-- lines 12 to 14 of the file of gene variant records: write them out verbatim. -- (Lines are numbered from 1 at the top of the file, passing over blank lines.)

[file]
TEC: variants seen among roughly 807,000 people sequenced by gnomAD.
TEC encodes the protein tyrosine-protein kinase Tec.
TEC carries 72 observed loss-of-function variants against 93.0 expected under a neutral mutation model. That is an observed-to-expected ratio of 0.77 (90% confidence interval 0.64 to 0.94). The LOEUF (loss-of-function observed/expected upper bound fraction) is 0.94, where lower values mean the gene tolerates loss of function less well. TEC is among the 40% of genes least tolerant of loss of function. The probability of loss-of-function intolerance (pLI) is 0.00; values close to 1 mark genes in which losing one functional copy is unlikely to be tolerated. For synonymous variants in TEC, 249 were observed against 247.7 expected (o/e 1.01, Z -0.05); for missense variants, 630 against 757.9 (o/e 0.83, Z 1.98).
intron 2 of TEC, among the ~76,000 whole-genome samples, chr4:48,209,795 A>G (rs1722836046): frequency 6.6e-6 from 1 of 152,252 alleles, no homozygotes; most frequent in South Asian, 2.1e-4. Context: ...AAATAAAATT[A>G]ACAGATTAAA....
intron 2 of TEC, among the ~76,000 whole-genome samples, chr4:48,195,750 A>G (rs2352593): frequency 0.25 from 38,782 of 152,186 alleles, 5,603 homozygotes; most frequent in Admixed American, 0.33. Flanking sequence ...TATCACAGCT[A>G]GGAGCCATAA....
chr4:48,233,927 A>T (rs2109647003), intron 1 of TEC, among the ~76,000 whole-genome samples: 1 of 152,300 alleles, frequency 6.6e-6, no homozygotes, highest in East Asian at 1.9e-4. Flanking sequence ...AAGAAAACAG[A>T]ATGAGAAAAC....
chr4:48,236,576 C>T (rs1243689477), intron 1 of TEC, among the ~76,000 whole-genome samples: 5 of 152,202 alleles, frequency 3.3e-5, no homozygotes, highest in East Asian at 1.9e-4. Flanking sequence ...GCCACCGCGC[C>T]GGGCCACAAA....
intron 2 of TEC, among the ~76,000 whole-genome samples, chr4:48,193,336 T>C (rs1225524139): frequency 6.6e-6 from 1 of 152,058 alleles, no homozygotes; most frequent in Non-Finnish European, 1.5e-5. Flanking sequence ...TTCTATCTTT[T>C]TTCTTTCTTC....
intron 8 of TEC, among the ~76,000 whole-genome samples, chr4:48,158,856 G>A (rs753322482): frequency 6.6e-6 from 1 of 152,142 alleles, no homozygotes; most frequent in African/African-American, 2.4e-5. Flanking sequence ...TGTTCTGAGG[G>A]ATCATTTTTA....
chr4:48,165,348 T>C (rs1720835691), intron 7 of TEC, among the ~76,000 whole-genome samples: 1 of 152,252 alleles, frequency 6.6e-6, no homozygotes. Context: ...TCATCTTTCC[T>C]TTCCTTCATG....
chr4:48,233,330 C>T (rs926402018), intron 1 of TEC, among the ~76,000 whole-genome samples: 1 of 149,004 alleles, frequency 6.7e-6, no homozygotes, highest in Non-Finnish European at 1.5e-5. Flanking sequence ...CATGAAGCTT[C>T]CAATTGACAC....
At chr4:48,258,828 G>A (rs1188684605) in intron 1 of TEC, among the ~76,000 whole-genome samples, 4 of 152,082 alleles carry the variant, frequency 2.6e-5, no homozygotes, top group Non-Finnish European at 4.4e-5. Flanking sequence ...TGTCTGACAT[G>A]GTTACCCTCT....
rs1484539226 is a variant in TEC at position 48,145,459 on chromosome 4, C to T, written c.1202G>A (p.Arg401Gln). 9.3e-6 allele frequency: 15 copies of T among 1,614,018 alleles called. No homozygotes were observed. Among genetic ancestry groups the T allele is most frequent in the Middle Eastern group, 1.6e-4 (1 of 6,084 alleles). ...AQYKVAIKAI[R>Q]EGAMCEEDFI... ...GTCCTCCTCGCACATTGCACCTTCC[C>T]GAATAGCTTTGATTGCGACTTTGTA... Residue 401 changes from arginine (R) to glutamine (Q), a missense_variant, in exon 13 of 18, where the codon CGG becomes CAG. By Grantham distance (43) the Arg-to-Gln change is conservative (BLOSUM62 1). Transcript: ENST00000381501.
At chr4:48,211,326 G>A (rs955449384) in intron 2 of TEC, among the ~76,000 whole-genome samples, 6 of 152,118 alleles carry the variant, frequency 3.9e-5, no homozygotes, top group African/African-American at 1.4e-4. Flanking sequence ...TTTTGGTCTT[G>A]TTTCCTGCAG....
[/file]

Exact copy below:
At chr4:48,258,828 G>A (rs1188684605) in intron 1 of TEC, among the ~76,000 whole-genome samples, 4 of 152,082 alleles carry the variant, frequency 2.6e-5, no homozygotes, top group Non-Finnish European at 4.4e-5. Flanking sequence ...TGTCTGACAT[G>A]GTTACCCTCT....
rs1484539226 is a variant in TEC at position 48,145,459 on chromosome 4, C to T, written c.1202G>A (p.Arg401Gln). 9.3e-6 allele frequency: 15 copies of T among 1,614,018 alleles called. No homozygotes were observed. Among genetic ancestry groups the T allele is most frequent in the Middle Eastern group, 1.6e-4 (1 of 6,084 alleles). ...AQYKVAIKAI[R>Q]EGAMCEEDFI... ...GTCCTCCTCGCACATTGCACCTTCC[C>T]GAATAGCTTTGATTGCGACTTTGTA... Residue 401 changes from arginine (R) to glutamine (Q), a missense_variant, in exon 13 of 18, where the codon CGG becomes CAG. By Grantham distance (43) the Arg-to-Gln change is conservative (BLOSUM62 1). Transcript: ENST00000381501.
At chr4:48,211,326 G>A (rs955449384) in intron 2 of TEC, among the ~76,000 whole-genome samples, 6 of 152,118 alleles carry the variant, frequency 3.9e-5, no homozygotes, top group African/African-American at 1.4e-4. Flanking sequence ...TTTTGGTCTT[G>A]TTTCCTGCAG....